Every radiometric measurement uses a detector in some way. This chapter discusses how they are described and delineates their most important properties with respect to radiometric measurements.
7.1 Detector Descriptions
The responsivity of a detector is the electrical output divided by the optical input. The inputs and outputs can take different forms. The output is often a voltage or a current, but sometimes it is a count of pulses or even a temporal frequency (which may have been generated by a voltage-to-frequency converter). In this text, for most purposes, the electrical output will be assumed to be either voltage or current. The input is a power or photon rate on the detector. It may be monochromatic, bandlimited, or cover the entire optical spectrum (say 95% to 99% of the radiation). The responsivity is almost always written as a script R, i.e., â. Thus the signal voltage can be written as V s =âÎ¦=â«â(Î»)Î¦(Î»)dÎ». The total noise arises from several sources, but, no matter how many and what kind, the total noise can be written V n =â«V 2 n (f)df − − − − − − − − − √ , where the spot noise, the noise at a given frequency, V n (f) , is the sum of all the noise components at that frequency. Therefore the signal-to-noise ratio, SNR, is given by SNR=V s V n =âÎ¦ V n =â«â(Î»)Î¦(Î»)dÎ» â«V 2 n (f)df √ .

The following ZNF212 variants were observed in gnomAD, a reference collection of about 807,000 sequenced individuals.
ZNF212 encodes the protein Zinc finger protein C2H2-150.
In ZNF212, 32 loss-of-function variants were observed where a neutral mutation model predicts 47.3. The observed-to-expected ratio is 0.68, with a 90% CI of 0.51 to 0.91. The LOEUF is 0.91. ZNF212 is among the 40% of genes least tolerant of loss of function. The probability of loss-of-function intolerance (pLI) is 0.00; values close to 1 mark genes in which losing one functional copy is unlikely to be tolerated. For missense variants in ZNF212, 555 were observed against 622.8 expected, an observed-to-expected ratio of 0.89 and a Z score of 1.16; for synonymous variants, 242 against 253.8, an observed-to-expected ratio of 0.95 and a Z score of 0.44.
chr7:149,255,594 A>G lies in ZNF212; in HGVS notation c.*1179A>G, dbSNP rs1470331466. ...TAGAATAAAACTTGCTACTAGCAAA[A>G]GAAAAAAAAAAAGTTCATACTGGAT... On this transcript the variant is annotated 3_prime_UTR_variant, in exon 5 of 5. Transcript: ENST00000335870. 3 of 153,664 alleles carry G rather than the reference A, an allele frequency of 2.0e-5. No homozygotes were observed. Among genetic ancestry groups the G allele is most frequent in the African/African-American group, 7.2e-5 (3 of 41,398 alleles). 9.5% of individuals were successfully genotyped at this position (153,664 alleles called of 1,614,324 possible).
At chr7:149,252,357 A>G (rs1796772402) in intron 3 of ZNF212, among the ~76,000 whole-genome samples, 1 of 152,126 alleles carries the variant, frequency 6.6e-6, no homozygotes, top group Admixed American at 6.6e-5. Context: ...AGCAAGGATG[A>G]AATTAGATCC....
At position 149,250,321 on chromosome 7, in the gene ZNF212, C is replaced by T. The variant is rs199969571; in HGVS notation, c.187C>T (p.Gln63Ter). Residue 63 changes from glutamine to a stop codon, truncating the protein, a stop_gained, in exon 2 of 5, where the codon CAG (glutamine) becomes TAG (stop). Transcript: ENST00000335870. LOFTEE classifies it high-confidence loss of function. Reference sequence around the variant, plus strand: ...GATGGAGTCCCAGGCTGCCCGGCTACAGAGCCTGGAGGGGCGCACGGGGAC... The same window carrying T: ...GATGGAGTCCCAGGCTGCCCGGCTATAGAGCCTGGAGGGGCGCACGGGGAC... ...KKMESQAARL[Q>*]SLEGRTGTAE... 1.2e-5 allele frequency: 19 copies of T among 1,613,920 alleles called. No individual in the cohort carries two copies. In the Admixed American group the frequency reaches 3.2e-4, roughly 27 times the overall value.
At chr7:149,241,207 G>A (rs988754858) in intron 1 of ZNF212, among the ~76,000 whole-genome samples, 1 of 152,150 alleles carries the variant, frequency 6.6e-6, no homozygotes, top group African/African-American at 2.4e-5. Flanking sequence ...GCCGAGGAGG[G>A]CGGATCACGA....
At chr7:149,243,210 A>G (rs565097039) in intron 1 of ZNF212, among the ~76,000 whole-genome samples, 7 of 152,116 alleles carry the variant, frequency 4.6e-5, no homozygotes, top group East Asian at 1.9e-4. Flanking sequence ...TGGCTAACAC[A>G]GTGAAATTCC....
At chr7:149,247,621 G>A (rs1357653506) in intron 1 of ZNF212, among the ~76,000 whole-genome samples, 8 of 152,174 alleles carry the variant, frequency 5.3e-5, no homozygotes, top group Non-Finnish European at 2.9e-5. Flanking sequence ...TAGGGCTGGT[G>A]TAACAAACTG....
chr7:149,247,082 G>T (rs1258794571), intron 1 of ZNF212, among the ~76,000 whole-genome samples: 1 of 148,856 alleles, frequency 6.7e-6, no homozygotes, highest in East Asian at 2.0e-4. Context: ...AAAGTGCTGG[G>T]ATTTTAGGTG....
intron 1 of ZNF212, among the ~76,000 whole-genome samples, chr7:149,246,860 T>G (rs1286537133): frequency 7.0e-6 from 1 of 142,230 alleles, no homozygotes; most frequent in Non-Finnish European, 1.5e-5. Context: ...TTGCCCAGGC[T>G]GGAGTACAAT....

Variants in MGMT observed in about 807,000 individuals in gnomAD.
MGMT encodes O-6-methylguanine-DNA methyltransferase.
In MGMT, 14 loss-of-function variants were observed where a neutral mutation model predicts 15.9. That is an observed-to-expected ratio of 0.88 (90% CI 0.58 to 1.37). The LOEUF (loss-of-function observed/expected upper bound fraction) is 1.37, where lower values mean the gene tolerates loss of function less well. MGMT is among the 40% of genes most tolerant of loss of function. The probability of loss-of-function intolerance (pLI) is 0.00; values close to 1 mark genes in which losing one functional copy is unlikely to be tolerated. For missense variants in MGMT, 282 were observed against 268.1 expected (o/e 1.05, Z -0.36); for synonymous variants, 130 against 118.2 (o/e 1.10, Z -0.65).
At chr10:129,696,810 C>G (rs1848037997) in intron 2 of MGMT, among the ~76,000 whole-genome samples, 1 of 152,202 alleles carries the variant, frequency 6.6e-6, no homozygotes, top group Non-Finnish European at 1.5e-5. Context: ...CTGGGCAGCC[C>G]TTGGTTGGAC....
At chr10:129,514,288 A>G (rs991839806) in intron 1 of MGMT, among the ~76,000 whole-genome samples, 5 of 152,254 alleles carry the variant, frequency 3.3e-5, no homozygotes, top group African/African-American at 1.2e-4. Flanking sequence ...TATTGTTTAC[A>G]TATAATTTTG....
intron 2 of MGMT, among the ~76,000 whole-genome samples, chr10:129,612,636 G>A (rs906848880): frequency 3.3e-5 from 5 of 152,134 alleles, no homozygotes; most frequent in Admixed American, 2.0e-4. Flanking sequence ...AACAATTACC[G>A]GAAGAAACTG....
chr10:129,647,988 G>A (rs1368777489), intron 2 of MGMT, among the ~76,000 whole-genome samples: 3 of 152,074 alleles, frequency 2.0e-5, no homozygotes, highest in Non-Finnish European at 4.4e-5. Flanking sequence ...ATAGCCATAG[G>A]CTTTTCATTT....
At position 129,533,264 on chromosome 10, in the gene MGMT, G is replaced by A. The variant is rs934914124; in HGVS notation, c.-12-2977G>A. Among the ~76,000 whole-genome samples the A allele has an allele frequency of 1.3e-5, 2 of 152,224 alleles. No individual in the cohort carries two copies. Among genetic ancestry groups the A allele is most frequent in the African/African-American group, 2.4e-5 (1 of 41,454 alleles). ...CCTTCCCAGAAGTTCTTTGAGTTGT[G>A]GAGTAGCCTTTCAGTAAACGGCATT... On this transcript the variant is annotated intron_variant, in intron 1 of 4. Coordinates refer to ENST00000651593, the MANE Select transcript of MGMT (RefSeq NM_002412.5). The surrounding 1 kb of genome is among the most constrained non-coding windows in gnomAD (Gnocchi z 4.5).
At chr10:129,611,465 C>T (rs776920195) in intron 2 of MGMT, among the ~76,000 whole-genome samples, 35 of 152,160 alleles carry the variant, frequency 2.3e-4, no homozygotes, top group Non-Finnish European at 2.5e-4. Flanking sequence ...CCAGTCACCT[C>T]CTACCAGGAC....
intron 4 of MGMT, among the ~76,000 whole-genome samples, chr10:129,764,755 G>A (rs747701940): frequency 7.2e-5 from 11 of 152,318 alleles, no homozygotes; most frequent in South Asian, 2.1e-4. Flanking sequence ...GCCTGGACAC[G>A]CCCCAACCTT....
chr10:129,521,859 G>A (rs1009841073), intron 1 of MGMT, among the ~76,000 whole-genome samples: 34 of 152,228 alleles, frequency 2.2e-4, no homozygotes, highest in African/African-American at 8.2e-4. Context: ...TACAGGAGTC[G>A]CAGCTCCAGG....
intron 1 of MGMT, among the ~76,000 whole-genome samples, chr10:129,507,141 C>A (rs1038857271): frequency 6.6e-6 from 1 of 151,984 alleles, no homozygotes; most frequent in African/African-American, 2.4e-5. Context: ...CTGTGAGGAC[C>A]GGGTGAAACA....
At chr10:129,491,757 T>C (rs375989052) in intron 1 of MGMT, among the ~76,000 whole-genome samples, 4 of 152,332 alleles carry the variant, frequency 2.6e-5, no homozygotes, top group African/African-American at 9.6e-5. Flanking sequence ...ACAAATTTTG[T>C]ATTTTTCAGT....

Online access to SPIE eBooks is limited to subscribing institutions.